Idaho Free Press from Nampa, Idaho on June 5, 1967 · Page 7
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Idaho Free Press from Nampa, Idaho · Page 7

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Monday, June 5, 1967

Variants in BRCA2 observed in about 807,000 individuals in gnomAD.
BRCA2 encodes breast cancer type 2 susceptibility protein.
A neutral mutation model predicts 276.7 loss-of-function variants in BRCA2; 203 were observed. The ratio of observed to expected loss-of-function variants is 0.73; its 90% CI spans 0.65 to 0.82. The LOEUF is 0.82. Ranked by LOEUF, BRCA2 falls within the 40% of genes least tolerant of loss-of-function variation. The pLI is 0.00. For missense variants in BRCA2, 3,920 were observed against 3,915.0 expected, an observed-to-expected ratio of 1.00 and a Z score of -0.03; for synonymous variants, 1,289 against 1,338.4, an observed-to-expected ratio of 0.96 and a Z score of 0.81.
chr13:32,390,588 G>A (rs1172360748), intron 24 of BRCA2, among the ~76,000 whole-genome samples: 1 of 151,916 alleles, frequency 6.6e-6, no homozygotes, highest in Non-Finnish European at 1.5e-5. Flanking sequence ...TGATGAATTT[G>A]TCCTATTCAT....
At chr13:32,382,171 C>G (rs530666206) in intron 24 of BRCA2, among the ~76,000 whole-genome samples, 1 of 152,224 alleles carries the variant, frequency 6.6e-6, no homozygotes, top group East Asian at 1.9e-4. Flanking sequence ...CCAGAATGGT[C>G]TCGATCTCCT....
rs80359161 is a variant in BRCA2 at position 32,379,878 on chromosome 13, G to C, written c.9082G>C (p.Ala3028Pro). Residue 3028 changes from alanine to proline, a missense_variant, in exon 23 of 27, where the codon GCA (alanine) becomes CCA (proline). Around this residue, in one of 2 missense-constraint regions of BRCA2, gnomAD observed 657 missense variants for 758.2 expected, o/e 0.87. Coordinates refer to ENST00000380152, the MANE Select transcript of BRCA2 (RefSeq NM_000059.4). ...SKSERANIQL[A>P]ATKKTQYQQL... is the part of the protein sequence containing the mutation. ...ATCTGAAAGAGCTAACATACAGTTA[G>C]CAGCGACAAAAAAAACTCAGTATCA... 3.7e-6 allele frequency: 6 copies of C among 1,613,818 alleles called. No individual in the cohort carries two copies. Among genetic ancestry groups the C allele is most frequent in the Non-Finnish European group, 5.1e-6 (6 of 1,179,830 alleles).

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Ida'w Free Press 4 Catdwelt New-Tr'aciae. Man-lay, Jjn« 5, 1967 -- 7 Clemente Succeeds 'Without Trying' By United Press international Roberto Clemente is trying to demonstrate how to succeed without reallytrying. The Pittsburgh outfielder, who claims he never tries to hit home runs, crashed a pair of round-trippers off Los Angeles ace Don Drysdale to drive in all four Pirate runs Sunday in a 4-1 victory overtheDodgers. The Dodgers held a 1-0 lead to the f i f t h when C l e m e n t e cracked a solo homer wer the right field fence to mark (he first homer oft Drysdale this season. The Dodger righthander had not surrendered a homer in 92 innings. His next lime up in the seventh, Clemente connected again off Drysdale for his 12th rounoMripper of the season after Matty Alou and Maury Wills had singled, "I never go for home runs," said the National League's most valuable player after the game. "I haven't tried to hit one since 1960 when I thought I had a chance to hit 20." Clemente cracked three hits to boost his National League hatting leadership to .373, 22 points better than nearest rival Orlando Cepeda of the St Louis Cardinals. Elsewhere in the National League, San Francisco blanked New York twice, 7-0 and 5-0, Cincinnati edged Atlanta 5-4, Philadelphia defeated Houston 6-1, and St. Louis nipped Chicago 4-3. Bob Veale, although plagued by wildness, picked up the victory for the Pirates, his seventh in eight decisions. Leo Cardenas slashed a home run and a double to pace the league-leading Cincinnati Reds over the Chicago Cubs in the 14th one-run decision In the Reds' last 15 games. The Cincinnati shortstop's double in the third, coupled with singles by Floyd Robinson and Pete Rose and Felipe Alou's throwing error, gave the Reds a 2-0 lead. Cardenas sparked a three-run uprising In the fourth when he hit his second homer of the season with Johnny Edwards aboard. Johnny Callison's double and Johnny Briggs' three-run homer capped a six-run ninth inning that carried the Philadelphia Phillies over the Houston 'Astros. Calllson doubled with none out in the ninth to start the rally and knock out Astro rookie righthander Don Wilson, who had blanked the Phils on three hits for the first eight innings. Lou Brock singled horn Dave HIcketts with two out in the eighth inning to give the St. Louis Cardinals a triumph over the Chicago Cubs. The hot-hitting outfielder delivered his game-winning hit after Klcketts singled and moved to second on Dal Maxvlll's sacrifice. The Cubs had taken a 3-2 lead in the fifth when Curt Flood -committed his first error in227 games on a fly ball by pitcher Rich Ny«. The error snapped Flood's consecutive errorless game streak at 226 games, a National League record. Tito Fuentes and Willie McCovey smacked three-run homers to back lefthander Joe Gibbon's four-Alt pitching and pace the San Francisco Giants over the New York Mets In the first game of adouoleheader. Ollie Brown's sixth-inning homer with two on in the nightcap gave the Giants a sweep and their 14th victory in the last 18 games. The batting style that produced 511 career home runs and made Mel Ott a Hall of Famer is making Dick McAullffe one of the most feared hitters in the American League. The unique way in which Ott used to lift his right leg as he eased Into the pitch was brought back to life when McAullffe broke in with the Detroit Tigers In 1961. It has paid some handsome dividends for the spunky Infielder ever sir.ce. The New York Yankees felt the string of McAuliffe's bat when he cracked his fifth lifetime grand slam in the 13th Inning Sunday to give the Tigers an 11-1 victory in the second game of a doubleheader after New York took the opener 5-0. The win enabled Detroit to hold its slim game lead in the American League. Ott, the former Giant great who terrorized National League pitchers for 22 years, was the only player to use such in unorthodox stance In the majors until McAullffe decided to give it a try. McAullffe his socked 102 home runs In his short career and has twice been elected as the all-star shortstop. Elsewhere in the American League, B a 111 m o r etrlpped Washington 7-5 In 19 Innings, Minnesota edged California 8-7 in 10 Innings, Cleveland blanked Boston 3-0, and Chicago and Kansas City split a doubleheader, with the Sox winning the opener 2-0 and the As taking the nightcap 5-4. McAuliffe's blast climaxed a tense struggle that saw the Tigers blow a 6-1 lead. Jake Gibbs sent the game into extra innings with a pinch-homer in the bottom of the ninth off reliever Fred Gladding. In the first game Al Downing pitched a (tve-hltter and was tacked by a two-run homer by Joe Pepitone In the first inning and an inside the park home run by Robinson in the seventh. Andy Etchebarren belted a two-run homer in the 19th Inning to give the Orioles a 7-5 victory over the Washington Senators in the longest game of the major league season. Bob Priddy, who gave up the deciding blow that ended the fve hour and 18 minute contest, was charged with his third loss in as many decisions. Stu Miller, the last of five Baltimore pitchers who combined for 21 strikeouts, tied a major league record, picked up his first win of the season after four defeats. Bob AlllsoQ laid down a squeeze bunt with one out In the 10th inning that enabled pinch- runner Ted Uhlaender to score the winning run for the Twins. A 500-foot blast off the facing of the upper deck In left field by Harmon Kllebrew, highlighted a home run barrage that saw fflck Relchardt, Zoillo V«r- salles, Bob Rodgers and John Werhas all hit for the distance. Steve Hargan pitched a five- hit shutout and Leon Wagner smashed his eighth homer of the season to lead the Indians to victory. Hargan, who has hurled four shutouts this year struck out six as he won his seventh game In 11 decisions. Tommy John scattered five hits as the White Sox blanked the Athletics in their f i r s t game. Ken B«rry drove In both runs in the opened with a four- Inning single. In the nightcap, Jim Hash's single capped a four-run outburst in the fourth Inning. Tommie Agee cracked his ninth homer of the season for Chicago. Cassius Ignores Athletes Urgings CLEVELAND (l'PI)-Ignor- iag the arguments of fellow Negro athletes, boxer Cassius Clay stood firm today on his refusal to serve in the United States Army. He will go on trial in two weeks in federal court In Houston. Former Cleveland fullback Jimmy Brown, UCLA basketball star Lew Alcindor, the Boston Celtics Bill Russell and seven other athletes held what Brown described as a "heated" discussion Sunday with Clay about his position on the draft. Clay emerged from the meeting to report "nothing new." "They know now I'm completely sincere," Clay said. "I actually believe in the Muslim religion." Clay's final appeal for a draft deferment was on the grounds he was a Black Muslim minister to whom boxing was only a hobby. The World Boxing Association stripped Clay of his heavyweight crown when he refused induction but the 24- year-old boer said: Mr. 7/nk Bests Hand/cap Fi'e/d Mr. Tink, owned by PaulGroff. Jockey Jerry Williams led all of Nampa won the feature race his fellow riders in number of at the Emmet} fairgrounds Sim- wins for the afternoon. Williams day' afternoon^' The Groff horse "brought '"home four "winners topped the quarter horse handi- during the day. cap field by covering the 400 Tonto's Mistake and Miss yards In 20.27 seconds. Th« Boxie teamed up to bring home favorite in the contest was Little 17.20 on the daily double. Bay Chtck who holds the course record for the event. U.S. Open Prelims Wind Up By United Press International Final qualifications for 123 positions in the 1967 U.S. Open golf championships start today at seven sites. Seven more locations will see action Tuesday as a total of 536 pros and amateurs seek to join the 27 who Qualified automatically for the championship beginning June 15 at the Baltusrol Golf Club, Springfield, N.J. Local qualifying rounds were held last month, with the low scorers at 58 designated sites gaining entrance to the sectional eliminations. In the actual tournament, all 150 entrants will engage in 18- hole play on Thursday, June 15, and Friday, June 16. The lowest 60 scorers and ties are eligible to continue to the third and fourth rounds on Saturday and Sunday, June 17-18. Billy Casper, the 1966 open winner, Is one of the 27 exempt, players. The rest of the exempt field Includes the other winners of the previous four Opens Gary Player, 1965; Ken Venturi, 1964; Julius Boros, 1963 and Jack Nlcklaus, 1962. Also Included are the PGA champ, the British Open tltlist, the USGA king, the low scorers in the 1966 Open and the 15 leading money winners on the PGA tour for one year ending with the PGA tournament nearest the close of Open championship entries. Elgtit Appaloosas qualified for next Saturdays ION Futurity. King Apache Trail had the best time of the group at 22.12. Other qualifiers included: War Reed, Tinkys Shooting Iron, Nick Chicaro. Pet Stone, King Apache War, Miss Treasure Valley and Reed Thomas. · Emmett results: FIRST RACE -- W yw*. Gracb I, ffirtt-VKr-eldi. T: K.17. 1. Tonto's Mlihki (William) 10% J.40, 2.W; 2. Mln KnMoh tor 3.M. 2.*C; 3. Tree Fly 3.U. Daily douM* 17.19. SECOND RACE - Fly. hrtMM, Tl Alw., nm-ynr-^ldi. T: l:t !·!. I. Mil! Roxli tWilUaml 4.M, ».«, !.t); 1. Setrw »«, JOC; 3. 1.40. Dolly double U.JO; q. n». THIRD 'RACE-4M yorcfc. «H Gn* A «, unclasi. T; ».73. 1. RlxIMi (Hmtwrt in, I N , HO; 7. Bar Demo 7.M, i.Ct; J. Artomn tM. 0: n.to. FOURTH RACI -- Fur to four *nd M*tw:l fjrlotvji, »r*j. Handicap, Km- yMr-o'dl, T: 1:00 3-5 I. 40'! Crlckft ICwrtrtgM) 1Ut, MO; J. Chic SUPTHTW 2.M, J. Wdcvm Chic Q. 3.00. FIFTH RACE-Fiv« IwtoCV Tl Clmg. ttOHOO. T: 1:6} MI. Berk Wnr [Wllllomil ».«, J» l.N; 1. L Fire 2.10, 249,' }. OiM WKiWH 3». 0. IW. ' SIXTH RACE -- Four on! MOtaH fir- longs. ION App. Dtrtry. T: 1:C1 H. 1. Poo Key IWIItorm) J4Je, 7.M; !. ;o*er Jot 1«; 3. Flylioj WoMHt. 0- '· SEVENTH RACE - » Ytrdl. Srodt .Vl. \illlf PcSMm (Awy) 44«, 4.H, 5 49; 2. Mudio'l Anl 11.*, 4 «; I Pig Bcr 4.61. 0. »». EIGHTH RACE - Flvt brtongi. Tl Atw., three-yioroldt. T; 1:08 M. 1. Sontar (Awy) lr)(A 4-»0, 341; r Show Vdlty 54C, 4.20; 1. CMcflmlfer 3.70. 0. 31 M. NINTH RACE - 4M yor*. OH H on#-coo. T: 30.27. . I. Mr. Tlnk (Avrrv) !.«, I «, 1.M; 1. Ttrrlllt DM !M, I*; ). EMm Tim l.M. D. 5.W TENTH RACE-OIK ond irlln. r Clmg. old). T: 1:53 4-i. ttin»*or" . . I. Norey Col mutton) 1.4, l.Mi . FIjilNng Appnl 2.40; 3. Orphan) m. 4. "I am still heavyweight champion in the eyes of 90 per cent of the whites in this country, 100 per cent of the Negroes and all of Asia, Africa and Europe. "Just because one man may not recognize me as champion means nothing when I have the backing of so many," Brown, who arranged the meeting, said, "We heard Ms views and know he is completely sincere in his beliefs." "Now he knows our feelings and we know his," Alcindor' said. Clay was indicted by a federal grand jury in Houston for refusing to be inducted into the Army last April 28. If convicted, he faces aprison term oi up to five years and-or a $10,000 fine. WhifworfJi Defends Ti'iffe ST. LOUIS, Mo. (UPI)-Kathy Whltworth has successfully defended her first professional golf championship, shoot- Ing a one-over-par 70 to take the St. Louis Women's Open with a 54-hole total of 209. Carol Mann was second, two strokes behind. Miss Whltworth had won 30 championships previously in a nine-year pro career. A hot putter was the margin of victory in St, Louis, as she recaptured the title she won in 196S. Sunday, Miss Whitworth sank a 40-foot birdie putt and saved a par with a 25-foot putt as, playing in the last threesome, she protected the margin of two strokes with which she entered the day. Saturday she sank birdie putts of 35 and 20 feet and Friday knocked in birdie chip shots also of 35 and 20 feet. " It was a struggle all week," Miss Whitworth said after finally cracking her jinx in tournaments she had won before. "It's great to win this one," Judy Kimball, the first-round leader, who trailed Miss Whitworth by two strokes after two rounds, shot a final-round 72 to fall to third, three strokes out of the lead. Miss Whltworth's victory earned her $2,025. Total prize money was $13,500. Fight Results Saturday PANAMA (UPI)-Isrnael Lapina, 13S, Panama, outpointed Alfredo Urblna, 135 1 /:, Mexico (10). SCRANTON, Pa. (UPI)-IrIsh Billy Dolphin, 112, Dunmore, Pa., outpointed .Jim Cherico, Brooklyn, N.Y. (6). GENOA, Italy (UPI)-Angel Robinson Garcia, 137, Cuba, stopped Joe Africa, 136, South Africa (9). SENATOI NOW Thr hlRhly-pnWIflufcl nwkic slugger, Mike Kp.itPln. who rouliln't find n plnrc In Ihc Oriolm' llnmp and Iticn rrfuwrl In ri'pnrl to a Bird farm rluh, smllra n#iln as lir hus bi-rn li-mM In the WiunlngUm Senator.*. HI* wife I.H u-lth lilm In Ihls plrturr tHkcn Fit Slorixlon. Cnllf. SPORTS ROARING TIGER By Alan Maver Damascus Bids For Horse Crown NEW YORK (l'PI)-Trainer Triple Crown Saturday with a Frank Whiteley, Jr., laid claim clocking of 2:28 4-5--good to three-year-old horse-ol-the- enough for a two-and-a-half year honors for Damascus length victory over Canadian today on the strength of an champion Cool Reception, who impressive victory in the suffered a broken cannon bone Belmont Stakes "test of the in his right foreleg as he champion." crossed the finish line. The Belmont victory was the eighth in H starts for Damascus who paid $3.60, $2.60 and $2.40. Cool Reception will undergo surgery after which his owners will decide whether he will goto stud or return to racing. OVERCOMES SHAKES Gets Free Trips MEMPHIS, Tern. (t'PI)- Dave Hill was to walk twice for free today over the 6,466-yard piece of real estate that paid him $5,000 per trip during the four days of the $100,000 Memphis Open. The boyish-looking pro from Jackson, Mich., who won $20,000 Sunday for finishing first in the 10th annual tournament, was among a field of 47 professionals and amateurs competing for 36 holes over the Colonial Country Club course in the sectional qualifying for the U.S. Open, Hill, whose net stop is the Bulck Open at Flint, Mich., proved the master of the short but demanding Colonial course during the first three days of the Memphis Open, but a case of the shakes almost cost him the lead in the final round. "The toughest thing in the world is to lead a tournament when everybody e»pecls you to fall fiat on your face," said the slender, dark-haired Hill after Coac/i Honored ST. JOSEPH, Mo. (t'PI)-The National Association oflntercol- leglate Athletics announced Sunday that Grambllng's Ralph Waldo Emerson Jones has been named the association's "baseball coach ot the year." Se/s Obscure Mark PASADENA, Calif. (VPI)- George Frenn set an unofficial world record at the Rose Bowl Invitational track and field meet Sunday with a heave of 48 feet, three-quarter inches in the obscure 56-pound weight throw. Frenn represented the Pasadena Athletic Association. Take Po/o Win MILWAUKEE, WIs. (t'PI)- The Milwaukee Polo Club scored four goals In the sixth chukker, Including two by Harold Barry, and went on to top Houston 11-7 Sunday in the National Polo League season opener. carding a three-over-par 73 on his final round. "I almost quit breathing out there," he said. "I've normally been able to think of something to sing, but today my mouth was too dry," Hill finished 72 holes at 272, eight under par, and two strokes ahead of Johnny Pott, who emerged from the pack with a blistering final round of four-under-par 66 for a tournament total of 274 to take second place money of $12,000. South African Harold Henning was all alone in third place three strokes back, while Randy Glover of Florence, S.C., and Dan Sikes of Jacksonville, Fla.; tied for fourth at 21C. Henning fired a 68 Sunday, while Cover had a 67 and Sikes carded a 71. Hill's previous worst round was a 68 Saturday. He opened with a 65 on Thursday to take a one-stroke lead and widened his margin to four strokes on Friday with a 66. "Dr. Fager is the only other horse with a case at this time," said Whiteley, referring to the horse which beat Damascus In the Gotham Stakes but did not run in the Kentucky Derby, Preakness or Belmonl. "The mile-and-a-half Belmont distance is a real test of a champion," he added. "It's a tough race. Very few stake horses race that distance in this country. Damascus has got to be a good horse. He was third in the Derby at 1% miles and winner of the Preakness at 1 316 miles and the Belmont at a mile and a half. Eighteen Belmont winners have been named best three- year-old and 12 have been named horse-oMhe year but Damascus is unlikely to be honored unless he beats Dr. Fager in future meetings. According to the current plans of Whiteley and John Nerud, trainer of Dr. Fager, the two three-year-olds could meet at least three times--in the American Derby, the American . Classic in Chicago and the T ravers at Saratoga. Proud Clarion, winner of the Kentucky Derby but fourth in the Belmont al Aqueduct, will be rested until the Travers. Loyd Gentry, Proud Clarion's trainer, said Sunday that the Derby winer "is a little thin" and pointed out, "running In the three big races has taken a lot out of him." T h e favoredD a m a s c u s, owned by Mrs. Edith Bancroft, took the third jewel in racing's League Standings American League National League [XI roil Chlcsgj BcM'morf Boslon Otnlml Mlnr.fbClo Kcniol Cily .... York wn L«t Pel. ! 21 U .«/ 8 77 2] 25 24 .SI I .500 .'H .45! \M Wajh'rglon ..... 29 2i .435 California ...... 1» 30 .331 StllKJn'l RHU'H MhntMila I, Ccl'lor,lo t. 10 Innlnl Chlccao 2-i, KonTO CUy Oi Clevtrond 3, testa 0 Baillmere 7, Washlnc-lon S, T Im-nv New York 5-7, Dttroll 0-11, 2nd gom- I! Innings TtMy'i rretebK Pllehm Cleveland IMcDawtil 3-2] ot M'nnuilo (Cnmce MI. rljhl . Washington IBerlolr* Ml ot Ktw Voik ITIllolson M), night Detroit iMeLQln $6) ot KonjoilCily ISegal 0-11, night Bclt'rwe IMcMcliy 3-21 It Cdlfcrnle (WlllMtr 0-21. nlohl Or.ly games scheduled. SI. Lcxjll .... Sa-\ Froicijco Pittsburgh . Ch'cogo ... Philadelphia Allonln .... Ui Arig(l« Hojslon ... Nt* Vort . wn uii ra. ittiiM 34 II .454 -T \1 Ml 3 . a · a .sw 4 ·5 .«» f/, n .sn ts 23 n n IJ IV, .4U .4!S .354 .U! !J* ISVl Sundiy'l «»«ltl SI. Loull 4, Chicago 3 Cincinnati 5. Atlanta 4 Philadelphia (. Houston 1 Plrtstrjrc.h 4. Los AiKKles 1 Son Franclsto 7-5. New York M TNto'i PrtMte PHdxn Chlccgo INteliro Ml ot PhllooVph'a IL. Jxkion J-5). nlohl . . . toi Angriei [Qsteefl fr4) 01 Atlanta [Clonlrge: Ml, nlg'it Houston IGljs'l 5-51 d SI.' Loull (Jo!l- er 3-M. ntoht j . Onlr gan-.es lcheajle4 --YOffK HOT DE»R-- but your hearing may be OUT OF FOCUS If m kM» »k l*t «Ml tor n«T YOU It HOT DIAF. Wi u. M» 7«r ·fib- StaWte, lnniwwrn'r, v »ie» MM MW AUTOMATIC fAK FIIE1 A TlUMin UHICA .1 Hw Milltoit |U tvlr Mltf«, t« HTJrwM l«I»trlrn tkfc MhtfMsmxM, It'l ywrt li k««t, Fill. WMr-tM f) l! ywrt li k h«M, fw tl» if mi llw. Autonutfe Ear P.O. Bex 2095 , Idaho rownra nwNB nuw 00000) TOILETS *vtrA*)wi TOILAFLEX ToiM UnhVr e;dtMry p]uii«fri. dwi rwr ptimit ucnpcnwd li, or mnty » He r !· *flfih tMKV M i*r*pr. it i thi Mri»]M it tbiii HKIM««W I1 cemun ITMU, CMTT tu» Mnw4« KKDIB TAB. IIVII Am.TMHT PIT M IM U«*M TdMta' I10HH PACIFIC UPHOLSTERY 92!N.Ofclior OiM MM. » M. Irtf.1^,. 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